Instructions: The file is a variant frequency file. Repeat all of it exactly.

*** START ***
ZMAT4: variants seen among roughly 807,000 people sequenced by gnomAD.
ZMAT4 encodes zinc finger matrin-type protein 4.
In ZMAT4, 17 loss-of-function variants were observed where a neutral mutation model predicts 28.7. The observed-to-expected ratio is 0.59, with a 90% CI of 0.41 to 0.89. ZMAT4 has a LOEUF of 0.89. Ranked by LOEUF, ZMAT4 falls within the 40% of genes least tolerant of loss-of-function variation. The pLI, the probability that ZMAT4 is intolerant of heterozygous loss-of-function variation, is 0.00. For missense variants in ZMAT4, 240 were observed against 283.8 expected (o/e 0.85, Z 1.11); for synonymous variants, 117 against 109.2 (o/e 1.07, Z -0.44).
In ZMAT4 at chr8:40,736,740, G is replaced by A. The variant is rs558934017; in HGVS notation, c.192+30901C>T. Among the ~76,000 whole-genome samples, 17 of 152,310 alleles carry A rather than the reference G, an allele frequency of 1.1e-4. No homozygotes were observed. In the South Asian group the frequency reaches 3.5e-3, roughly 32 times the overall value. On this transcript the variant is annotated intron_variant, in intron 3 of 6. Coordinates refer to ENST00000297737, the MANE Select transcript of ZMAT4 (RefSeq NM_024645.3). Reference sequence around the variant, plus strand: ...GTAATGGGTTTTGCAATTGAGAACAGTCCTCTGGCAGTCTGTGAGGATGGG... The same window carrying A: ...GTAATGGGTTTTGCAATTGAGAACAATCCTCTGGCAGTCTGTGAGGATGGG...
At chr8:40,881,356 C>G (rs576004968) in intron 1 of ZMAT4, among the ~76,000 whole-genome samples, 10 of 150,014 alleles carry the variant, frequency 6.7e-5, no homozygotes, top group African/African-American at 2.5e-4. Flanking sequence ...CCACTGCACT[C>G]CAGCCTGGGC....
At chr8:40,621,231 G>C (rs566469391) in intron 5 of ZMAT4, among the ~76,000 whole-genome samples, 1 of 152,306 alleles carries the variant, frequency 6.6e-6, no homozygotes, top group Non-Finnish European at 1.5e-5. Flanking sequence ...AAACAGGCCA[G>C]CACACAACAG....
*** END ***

ZMAT4: variants seen among roughly 807,000 people sequenced by gnomAD.
ZMAT4 encodes zinc finger matrin-type protein 4.
In ZMAT4, 17 loss-of-function variants were observed where a neutral mutation model predicts 28.7. The observed-to-expected ratio is 0.59, with a 90% CI of 0.41 to 0.89. ZMAT4 has a LOEUF of 0.89. Ranked by LOEUF, ZMAT4 falls within the 40% of genes least tolerant of loss-of-function variation. The pLI, the probability that ZMAT4 is intolerant of heterozygous loss-of-function variation, is 0.00. For missense variants in ZMAT4, 240 were observed against 283.8 expected (o/e 0.85, Z 1.11); for synonymous variants, 117 against 109.2 (o/e 1.07, Z -0.44).
In ZMAT4 at chr8:40,736,740, G is replaced by A. The variant is rs558934017; in HGVS notation, c.192+30901C>T. Among the ~76,000 whole-genome samples, 17 of 152,310 alleles carry A rather than the reference G, an allele frequency of 1.1e-4. No homozygotes were observed. In the South Asian group the frequency reaches 3.5e-3, roughly 32 times the overall value. On this transcript the variant is annotated intron_variant, in intron 3 of 6. Coordinates refer to ENST00000297737, the MANE Select transcript of ZMAT4 (RefSeq NM_024645.3). Reference sequence around the variant, plus strand: ...GTAATGGGTTTTGCAATTGAGAACAGTCCTCTGGCAGTCTGTGAGGATGGG... The same window carrying A: ...GTAATGGGTTTTGCAATTGAGAACAATCCTCTGGCAGTCTGTGAGGATGGG...
At chr8:40,881,356 C>G (rs576004968) in intron 1 of ZMAT4, among the ~76,000 whole-genome samples, 10 of 150,014 alleles carry the variant, frequency 6.7e-5, no homozygotes, top group African/African-American at 2.5e-4. Flanking sequence ...CCACTGCACT[C>G]CAGCCTGGGC....
At chr8:40,621,231 G>C (rs566469391) in intron 5 of ZMAT4, among the ~76,000 whole-genome samples, 1 of 152,306 alleles carries the variant, frequency 6.6e-6, no homozygotes, top group Non-Finnish European at 1.5e-5. Flanking sequence ...AAACAGGCCA[G>C]CACACAACAG....